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May 27, 1950


Author Affiliations

Staten Island, N. Y.

From the Cardiovascular Research Unit, Department of Medicine, United States Marine Hospital, Staten Island, N. Y.; consultant in cardiovascular disease (Dr. Russek).

JAMA. 1950;143(4):355-357. doi:10.1001/jama.1950.02910390027008

Alcohol has been regarded as a valuable drug in the treatment of angina pectoris since the earliest description of the disease by Heberden1 in 1786. It is rated by most contemporary authorities as one of the few effective coronary vasodilators, second only to the nitrites.2 Indeed, the effect of 1 or 2 ounces (30 to 60 cc.) of whisky or brandy in terminating an anginal attack is said to be comparable in many instances to the results obtained with glyceryl trinitrate. Nevertheless, it is in the prevention rather than in the treatment of these episodes that alcohol has been deemed of particular clinical value.2b Physicians frequently prescribe it in angina pectoris as a routine prophylactic measure and especially before contemplated effort or excitement.

In spite of such wide therapeutic endorsement, surprisingly little is known regarding the actual effect of alcohol on disturbances of coronary blood flow in

Heberden, W.:  Some Account of Disorder of Breast , M. Tr. Roy. Coll. Physicians 2:59. 1786.
Goodman, L., and Gilman, A.: The Pharmacological Basis of Therapeutics , New York, The Macmillan Company, 1941.
White, P. D.: Heart Disease , New York, The Macmillan Company, 1931, p. 436.
Levine, S. A.: Clinical Heart Disease , Philadelphia, W. B. Saunders Company, 1940, p. 116.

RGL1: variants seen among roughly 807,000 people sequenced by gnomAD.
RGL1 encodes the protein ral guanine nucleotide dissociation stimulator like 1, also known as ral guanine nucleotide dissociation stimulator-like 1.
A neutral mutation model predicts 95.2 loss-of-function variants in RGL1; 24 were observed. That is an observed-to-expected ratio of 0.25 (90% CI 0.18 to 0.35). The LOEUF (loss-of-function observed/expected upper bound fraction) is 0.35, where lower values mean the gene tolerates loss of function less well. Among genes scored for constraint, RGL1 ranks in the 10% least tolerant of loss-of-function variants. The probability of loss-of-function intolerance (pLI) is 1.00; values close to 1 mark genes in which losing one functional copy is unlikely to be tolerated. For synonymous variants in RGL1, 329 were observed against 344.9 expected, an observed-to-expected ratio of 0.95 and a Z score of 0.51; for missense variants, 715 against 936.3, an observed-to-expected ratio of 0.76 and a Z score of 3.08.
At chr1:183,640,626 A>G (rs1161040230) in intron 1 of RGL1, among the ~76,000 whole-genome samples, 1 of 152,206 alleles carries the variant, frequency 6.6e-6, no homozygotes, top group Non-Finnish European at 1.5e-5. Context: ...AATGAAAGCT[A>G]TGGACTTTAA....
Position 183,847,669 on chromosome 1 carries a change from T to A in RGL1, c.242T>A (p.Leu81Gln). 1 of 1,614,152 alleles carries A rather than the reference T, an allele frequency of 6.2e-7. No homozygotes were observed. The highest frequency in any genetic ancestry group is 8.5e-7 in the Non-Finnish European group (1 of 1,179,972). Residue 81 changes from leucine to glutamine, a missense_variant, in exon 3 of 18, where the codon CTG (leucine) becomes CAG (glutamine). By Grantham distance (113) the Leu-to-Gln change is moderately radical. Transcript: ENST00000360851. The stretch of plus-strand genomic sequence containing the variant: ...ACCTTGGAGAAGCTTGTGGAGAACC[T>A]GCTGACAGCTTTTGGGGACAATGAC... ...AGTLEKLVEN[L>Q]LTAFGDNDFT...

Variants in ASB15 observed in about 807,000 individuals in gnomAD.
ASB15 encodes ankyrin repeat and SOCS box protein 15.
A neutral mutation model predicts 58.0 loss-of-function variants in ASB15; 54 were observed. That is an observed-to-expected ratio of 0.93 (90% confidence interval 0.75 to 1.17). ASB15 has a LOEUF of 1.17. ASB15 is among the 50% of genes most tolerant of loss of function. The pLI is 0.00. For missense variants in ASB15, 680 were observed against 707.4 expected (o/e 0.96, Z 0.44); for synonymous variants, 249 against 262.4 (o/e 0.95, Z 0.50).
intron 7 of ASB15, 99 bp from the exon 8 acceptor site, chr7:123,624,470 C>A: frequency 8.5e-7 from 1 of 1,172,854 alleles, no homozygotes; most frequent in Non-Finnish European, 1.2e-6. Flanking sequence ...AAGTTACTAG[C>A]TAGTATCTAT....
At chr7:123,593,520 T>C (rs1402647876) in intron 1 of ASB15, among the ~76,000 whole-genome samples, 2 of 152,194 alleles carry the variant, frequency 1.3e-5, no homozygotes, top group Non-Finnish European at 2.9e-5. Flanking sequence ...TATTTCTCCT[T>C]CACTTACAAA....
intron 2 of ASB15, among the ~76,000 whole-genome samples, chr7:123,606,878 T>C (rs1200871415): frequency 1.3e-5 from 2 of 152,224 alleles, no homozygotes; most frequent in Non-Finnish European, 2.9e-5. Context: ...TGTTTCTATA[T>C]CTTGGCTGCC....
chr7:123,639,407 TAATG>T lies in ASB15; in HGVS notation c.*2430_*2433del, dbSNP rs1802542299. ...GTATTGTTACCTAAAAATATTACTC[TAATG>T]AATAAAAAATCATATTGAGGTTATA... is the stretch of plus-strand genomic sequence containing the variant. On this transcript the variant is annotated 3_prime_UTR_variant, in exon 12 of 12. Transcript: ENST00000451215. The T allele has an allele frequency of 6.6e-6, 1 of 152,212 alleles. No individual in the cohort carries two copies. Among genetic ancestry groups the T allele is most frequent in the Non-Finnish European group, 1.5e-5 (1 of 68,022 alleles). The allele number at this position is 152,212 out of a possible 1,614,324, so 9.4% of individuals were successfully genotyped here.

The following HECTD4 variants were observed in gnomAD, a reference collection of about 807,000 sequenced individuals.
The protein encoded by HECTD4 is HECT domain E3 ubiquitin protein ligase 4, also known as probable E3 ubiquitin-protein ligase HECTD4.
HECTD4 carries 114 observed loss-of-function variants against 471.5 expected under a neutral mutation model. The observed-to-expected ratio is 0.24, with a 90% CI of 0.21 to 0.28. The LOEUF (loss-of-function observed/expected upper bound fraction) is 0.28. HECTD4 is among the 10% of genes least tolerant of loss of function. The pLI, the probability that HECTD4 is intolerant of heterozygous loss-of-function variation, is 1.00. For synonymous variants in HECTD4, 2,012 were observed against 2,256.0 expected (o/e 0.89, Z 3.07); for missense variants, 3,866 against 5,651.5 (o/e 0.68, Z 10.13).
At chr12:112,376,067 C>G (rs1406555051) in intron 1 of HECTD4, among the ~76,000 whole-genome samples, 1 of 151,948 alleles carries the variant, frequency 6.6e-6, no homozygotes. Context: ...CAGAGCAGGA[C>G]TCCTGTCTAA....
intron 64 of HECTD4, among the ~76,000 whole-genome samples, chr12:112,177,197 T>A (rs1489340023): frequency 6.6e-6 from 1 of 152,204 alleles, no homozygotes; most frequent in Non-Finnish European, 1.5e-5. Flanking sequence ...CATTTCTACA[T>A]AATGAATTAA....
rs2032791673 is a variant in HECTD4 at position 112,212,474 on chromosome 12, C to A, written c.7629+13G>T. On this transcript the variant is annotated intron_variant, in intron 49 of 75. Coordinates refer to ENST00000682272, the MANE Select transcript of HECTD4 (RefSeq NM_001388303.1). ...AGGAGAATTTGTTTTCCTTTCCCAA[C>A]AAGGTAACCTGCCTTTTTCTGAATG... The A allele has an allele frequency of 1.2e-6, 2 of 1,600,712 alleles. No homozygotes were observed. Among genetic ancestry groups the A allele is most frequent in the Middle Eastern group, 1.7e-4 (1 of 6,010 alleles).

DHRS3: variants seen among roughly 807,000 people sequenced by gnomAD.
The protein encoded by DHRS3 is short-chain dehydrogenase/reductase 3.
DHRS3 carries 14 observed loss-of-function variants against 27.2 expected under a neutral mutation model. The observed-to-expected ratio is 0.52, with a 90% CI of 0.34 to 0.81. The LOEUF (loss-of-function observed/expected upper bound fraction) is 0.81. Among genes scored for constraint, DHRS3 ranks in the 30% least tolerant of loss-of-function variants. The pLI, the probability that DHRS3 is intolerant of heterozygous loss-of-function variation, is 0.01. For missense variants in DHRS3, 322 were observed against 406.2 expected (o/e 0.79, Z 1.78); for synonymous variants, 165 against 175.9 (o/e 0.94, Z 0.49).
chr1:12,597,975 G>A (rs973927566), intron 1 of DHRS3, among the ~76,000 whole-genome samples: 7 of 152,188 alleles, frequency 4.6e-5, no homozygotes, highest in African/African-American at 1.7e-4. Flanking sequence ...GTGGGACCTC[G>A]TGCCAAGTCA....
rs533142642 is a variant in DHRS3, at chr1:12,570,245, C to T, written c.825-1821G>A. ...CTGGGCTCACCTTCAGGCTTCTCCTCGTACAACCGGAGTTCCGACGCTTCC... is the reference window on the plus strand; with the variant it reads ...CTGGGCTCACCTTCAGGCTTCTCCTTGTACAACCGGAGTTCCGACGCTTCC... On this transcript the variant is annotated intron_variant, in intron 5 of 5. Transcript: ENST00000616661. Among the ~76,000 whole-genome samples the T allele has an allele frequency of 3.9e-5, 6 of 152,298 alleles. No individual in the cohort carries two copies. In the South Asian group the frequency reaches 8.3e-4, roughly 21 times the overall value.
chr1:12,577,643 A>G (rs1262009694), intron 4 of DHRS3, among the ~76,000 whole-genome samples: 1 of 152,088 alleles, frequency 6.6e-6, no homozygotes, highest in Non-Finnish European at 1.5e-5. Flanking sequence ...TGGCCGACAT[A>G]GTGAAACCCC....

Dixon, W. E.:  Action of Alcohol on Circulation , J. Physiol. 35: 346, 1907.
Sulzer, R.:  Influence of Alcohol on Isolated Mammalian Heart , Heart 11:141, 1924.
Gilbert, N. C., and Fenn, G. K.:  Effect of Purine Base Diuretics on Coronary Flow , Arch. Int. Med. 44: 118 ( (July) ) 1929.Article
Jetter, W. W.:  Chemical and Clinical Diagnosis of Acute Alcoholism , New England J. Med. 221:1019, 1939.Article
Miles, W. R., in Emerson, H., and others: The Psychologic Effect of Alcohol in Man , New York, The Macmillan Company, 1932.
Evans, W., and Hoyle, C.:  Prevention and Treatment of Individual Attacks of Angina Pectoris (Angina of Effort) , Quart. J. Med. 3:105, 1934.
Stearns, S.; Riseman, J. E. F., and Gray, W.:  Alcohol in the Treatment of Angina Pectoris , New England J. Med. 234: 578, 1946.Article
Dock, W.:  Angina Pectoris, The Neuralgic Features of the Classic Form of Heberden's Disease , M. Clin. North America 33:635, 1949.
Russek, H. I.; Smith, R. H.; Baum, W.; Neagle, C., and Regan, F. D.:  Influence of Saline, Papaverine, Nitroglycerine and Ethyl Alcohol on the Electrocardiographic Response to Standard Exercise , Circulation 1: 700, 1950.Article
The Master test is a procedure in which the patient ascends and descends a two-step staircase twenty to thirty times, depending on age, sex and weight. Electrocardiograms are recorded immediately after exercise and at two minute intervals thereafter for a period of ten minutes. A depression of the RS-T segment in excess of 0.5 mm. in any of the tracings is regarded as abnormal.
Master, A. M., and others:  The Electrocardiogram After Standard Exercise as a Functional Test of the Heart , Am. Heart J. 24:277, 1942.